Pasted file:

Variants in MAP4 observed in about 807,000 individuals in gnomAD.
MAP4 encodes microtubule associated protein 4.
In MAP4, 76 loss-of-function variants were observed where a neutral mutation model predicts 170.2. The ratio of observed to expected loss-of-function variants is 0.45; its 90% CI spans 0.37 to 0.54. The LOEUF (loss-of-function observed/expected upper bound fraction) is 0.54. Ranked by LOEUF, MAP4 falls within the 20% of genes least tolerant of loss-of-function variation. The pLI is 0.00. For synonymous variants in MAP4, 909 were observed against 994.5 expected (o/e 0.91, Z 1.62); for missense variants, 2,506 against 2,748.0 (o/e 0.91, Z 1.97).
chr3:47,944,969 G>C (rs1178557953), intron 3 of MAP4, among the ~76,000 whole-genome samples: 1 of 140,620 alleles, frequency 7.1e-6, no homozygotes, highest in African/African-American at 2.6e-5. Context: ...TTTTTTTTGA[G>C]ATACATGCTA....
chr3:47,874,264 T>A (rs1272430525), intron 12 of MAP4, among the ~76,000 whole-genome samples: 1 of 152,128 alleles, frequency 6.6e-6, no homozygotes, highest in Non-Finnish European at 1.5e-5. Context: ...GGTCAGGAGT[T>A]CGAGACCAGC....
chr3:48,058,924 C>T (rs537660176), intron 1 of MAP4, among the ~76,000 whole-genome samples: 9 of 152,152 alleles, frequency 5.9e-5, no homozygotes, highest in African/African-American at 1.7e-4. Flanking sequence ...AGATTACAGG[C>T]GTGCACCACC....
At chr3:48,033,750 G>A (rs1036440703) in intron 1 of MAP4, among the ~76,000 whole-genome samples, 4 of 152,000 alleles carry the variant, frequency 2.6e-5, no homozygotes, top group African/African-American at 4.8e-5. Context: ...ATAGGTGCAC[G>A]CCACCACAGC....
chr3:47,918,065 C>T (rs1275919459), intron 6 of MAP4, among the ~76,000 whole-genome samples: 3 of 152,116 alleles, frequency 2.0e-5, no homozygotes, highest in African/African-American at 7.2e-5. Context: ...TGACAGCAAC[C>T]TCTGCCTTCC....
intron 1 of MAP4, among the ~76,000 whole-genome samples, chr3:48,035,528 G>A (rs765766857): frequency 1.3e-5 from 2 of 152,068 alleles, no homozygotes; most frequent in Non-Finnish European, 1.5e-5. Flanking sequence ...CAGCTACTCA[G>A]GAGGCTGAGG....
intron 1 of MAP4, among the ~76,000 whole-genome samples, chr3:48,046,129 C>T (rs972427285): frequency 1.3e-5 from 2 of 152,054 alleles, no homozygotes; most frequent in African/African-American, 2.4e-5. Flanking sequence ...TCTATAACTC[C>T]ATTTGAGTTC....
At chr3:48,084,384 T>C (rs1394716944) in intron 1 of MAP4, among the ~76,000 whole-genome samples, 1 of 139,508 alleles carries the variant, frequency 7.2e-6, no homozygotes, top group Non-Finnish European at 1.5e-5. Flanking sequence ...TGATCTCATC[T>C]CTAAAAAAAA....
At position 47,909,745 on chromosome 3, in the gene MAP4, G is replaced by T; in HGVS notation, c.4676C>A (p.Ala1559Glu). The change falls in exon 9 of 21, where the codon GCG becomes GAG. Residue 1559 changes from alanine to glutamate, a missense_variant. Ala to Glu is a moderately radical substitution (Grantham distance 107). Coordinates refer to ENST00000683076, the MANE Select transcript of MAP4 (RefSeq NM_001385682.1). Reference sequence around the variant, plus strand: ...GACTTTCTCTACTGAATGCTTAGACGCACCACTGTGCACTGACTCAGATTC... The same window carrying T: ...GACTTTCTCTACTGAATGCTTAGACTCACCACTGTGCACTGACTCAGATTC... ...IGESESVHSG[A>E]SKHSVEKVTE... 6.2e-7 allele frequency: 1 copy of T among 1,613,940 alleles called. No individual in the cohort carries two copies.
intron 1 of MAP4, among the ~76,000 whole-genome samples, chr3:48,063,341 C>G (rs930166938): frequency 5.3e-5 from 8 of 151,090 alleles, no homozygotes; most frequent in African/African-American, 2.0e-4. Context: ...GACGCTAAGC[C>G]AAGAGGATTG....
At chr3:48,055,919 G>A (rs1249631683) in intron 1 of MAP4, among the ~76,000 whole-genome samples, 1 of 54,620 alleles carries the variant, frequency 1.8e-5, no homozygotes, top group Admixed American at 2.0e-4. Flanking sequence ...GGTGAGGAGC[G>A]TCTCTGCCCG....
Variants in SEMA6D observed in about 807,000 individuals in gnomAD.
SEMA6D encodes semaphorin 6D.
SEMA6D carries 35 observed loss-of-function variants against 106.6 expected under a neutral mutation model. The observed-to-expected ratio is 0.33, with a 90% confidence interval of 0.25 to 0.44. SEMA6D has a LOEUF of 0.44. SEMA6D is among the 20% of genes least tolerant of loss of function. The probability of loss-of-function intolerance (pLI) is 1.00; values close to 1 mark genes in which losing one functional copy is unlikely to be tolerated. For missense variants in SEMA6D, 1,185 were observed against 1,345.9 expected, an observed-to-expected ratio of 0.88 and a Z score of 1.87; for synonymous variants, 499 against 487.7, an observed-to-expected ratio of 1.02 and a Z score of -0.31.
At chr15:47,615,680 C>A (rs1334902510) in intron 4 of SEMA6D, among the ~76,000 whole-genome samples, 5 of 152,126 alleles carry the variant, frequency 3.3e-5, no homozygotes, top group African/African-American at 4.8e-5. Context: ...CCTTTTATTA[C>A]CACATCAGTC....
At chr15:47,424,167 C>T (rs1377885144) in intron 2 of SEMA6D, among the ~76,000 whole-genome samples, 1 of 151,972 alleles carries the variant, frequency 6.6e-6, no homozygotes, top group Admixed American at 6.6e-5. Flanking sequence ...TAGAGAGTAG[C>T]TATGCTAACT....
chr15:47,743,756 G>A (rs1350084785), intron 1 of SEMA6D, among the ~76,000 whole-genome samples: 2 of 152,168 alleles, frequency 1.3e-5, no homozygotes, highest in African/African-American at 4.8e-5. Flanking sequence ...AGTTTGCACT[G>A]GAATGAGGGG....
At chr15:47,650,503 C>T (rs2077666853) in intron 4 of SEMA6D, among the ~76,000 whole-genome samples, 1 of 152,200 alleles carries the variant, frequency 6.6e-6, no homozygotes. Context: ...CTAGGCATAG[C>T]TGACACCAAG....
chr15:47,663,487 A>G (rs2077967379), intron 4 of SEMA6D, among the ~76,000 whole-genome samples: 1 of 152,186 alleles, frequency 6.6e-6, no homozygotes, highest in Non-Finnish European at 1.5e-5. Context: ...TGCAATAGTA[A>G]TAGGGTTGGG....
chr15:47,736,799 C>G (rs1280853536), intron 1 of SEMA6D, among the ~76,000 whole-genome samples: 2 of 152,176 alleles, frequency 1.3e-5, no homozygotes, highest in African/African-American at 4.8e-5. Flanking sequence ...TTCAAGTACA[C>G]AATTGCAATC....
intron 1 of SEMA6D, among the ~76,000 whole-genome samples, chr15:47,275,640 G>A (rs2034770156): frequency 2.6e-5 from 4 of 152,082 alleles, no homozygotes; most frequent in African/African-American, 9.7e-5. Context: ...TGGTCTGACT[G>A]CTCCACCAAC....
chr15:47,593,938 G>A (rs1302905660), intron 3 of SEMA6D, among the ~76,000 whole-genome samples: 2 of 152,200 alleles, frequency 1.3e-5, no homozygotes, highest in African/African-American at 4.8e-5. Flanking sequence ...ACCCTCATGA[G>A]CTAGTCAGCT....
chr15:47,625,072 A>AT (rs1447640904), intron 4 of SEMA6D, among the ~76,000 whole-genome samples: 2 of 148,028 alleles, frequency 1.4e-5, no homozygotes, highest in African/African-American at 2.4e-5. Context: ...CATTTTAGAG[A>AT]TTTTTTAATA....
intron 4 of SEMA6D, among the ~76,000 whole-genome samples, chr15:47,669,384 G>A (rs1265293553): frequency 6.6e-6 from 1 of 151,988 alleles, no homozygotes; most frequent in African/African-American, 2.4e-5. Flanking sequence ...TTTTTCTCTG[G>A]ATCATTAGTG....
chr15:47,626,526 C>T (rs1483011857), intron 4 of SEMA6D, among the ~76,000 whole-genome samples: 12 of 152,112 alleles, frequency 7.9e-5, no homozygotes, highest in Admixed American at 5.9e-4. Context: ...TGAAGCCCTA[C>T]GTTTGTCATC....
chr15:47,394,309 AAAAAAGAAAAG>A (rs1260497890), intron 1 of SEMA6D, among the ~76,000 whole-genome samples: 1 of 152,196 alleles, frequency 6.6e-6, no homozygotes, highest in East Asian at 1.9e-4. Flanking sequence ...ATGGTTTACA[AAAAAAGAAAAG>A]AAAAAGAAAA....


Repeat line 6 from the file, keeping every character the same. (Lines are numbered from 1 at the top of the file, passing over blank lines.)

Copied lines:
chr3:48,058,924 C>T (rs537660176), intron 1 of MAP4, among the ~76,000 whole-genome samples: 9 of 152,152 alleles, frequency 5.9e-5, no homozygotes, highest in African/African-American at 1.7e-4. Flanking sequence ...AGATTACAGG[C>T]GTGCACCACC....